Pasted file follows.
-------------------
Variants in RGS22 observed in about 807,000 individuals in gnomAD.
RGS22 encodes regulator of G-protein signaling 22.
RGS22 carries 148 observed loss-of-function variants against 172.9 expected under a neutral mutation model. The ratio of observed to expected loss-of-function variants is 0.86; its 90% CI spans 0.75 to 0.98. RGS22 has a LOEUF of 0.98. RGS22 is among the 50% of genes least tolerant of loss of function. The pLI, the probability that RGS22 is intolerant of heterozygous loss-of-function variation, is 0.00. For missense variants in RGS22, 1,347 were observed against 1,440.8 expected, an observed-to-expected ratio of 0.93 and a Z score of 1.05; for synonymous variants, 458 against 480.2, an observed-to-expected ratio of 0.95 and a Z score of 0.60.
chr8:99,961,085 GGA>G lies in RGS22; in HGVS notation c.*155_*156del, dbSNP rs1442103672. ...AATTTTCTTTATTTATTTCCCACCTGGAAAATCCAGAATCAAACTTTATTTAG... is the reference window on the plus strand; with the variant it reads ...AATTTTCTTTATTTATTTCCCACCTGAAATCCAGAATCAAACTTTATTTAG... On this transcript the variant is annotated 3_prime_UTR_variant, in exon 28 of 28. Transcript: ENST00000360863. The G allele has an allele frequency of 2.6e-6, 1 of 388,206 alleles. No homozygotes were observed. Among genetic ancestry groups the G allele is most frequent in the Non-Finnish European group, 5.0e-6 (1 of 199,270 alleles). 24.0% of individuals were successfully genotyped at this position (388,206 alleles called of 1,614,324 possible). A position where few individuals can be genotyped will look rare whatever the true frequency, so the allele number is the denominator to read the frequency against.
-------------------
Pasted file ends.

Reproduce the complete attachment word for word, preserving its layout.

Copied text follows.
Variants in RGS22 observed in about 807,000 individuals in gnomAD.
RGS22 encodes regulator of G-protein signaling 22.
RGS22 carries 148 observed loss-of-function variants against 172.9 expected under a neutral mutation model. The ratio of observed to expected loss-of-function variants is 0.86; its 90% CI spans 0.75 to 0.98. RGS22 has a LOEUF of 0.98. RGS22 is among the 50% of genes least tolerant of loss of function. The pLI, the probability that RGS22 is intolerant of heterozygous loss-of-function variation, is 0.00. For missense variants in RGS22, 1,347 were observed against 1,440.8 expected, an observed-to-expected ratio of 0.93 and a Z score of 1.05; for synonymous variants, 458 against 480.2, an observed-to-expected ratio of 0.95 and a Z score of 0.60.
chr8:99,961,085 GGA>G lies in RGS22; in HGVS notation c.*155_*156del, dbSNP rs1442103672. ...AATTTTCTTTATTTATTTCCCACCTGGAAAATCCAGAATCAAACTTTATTTAG... is the reference window on the plus strand; with the variant it reads ...AATTTTCTTTATTTATTTCCCACCTGAAATCCAGAATCAAACTTTATTTAG... On this transcript the variant is annotated 3_prime_UTR_variant, in exon 28 of 28. Transcript: ENST00000360863. The G allele has an allele frequency of 2.6e-6, 1 of 388,206 alleles. No homozygotes were observed. Among genetic ancestry groups the G allele is most frequent in the Non-Finnish European group, 5.0e-6 (1 of 199,270 alleles). 24.0% of individuals were successfully genotyped at this position (388,206 alleles called of 1,614,324 possible). A position where few individuals can be genotyped will look rare whatever the true frequency, so the allele number is the denominator to read the frequency against.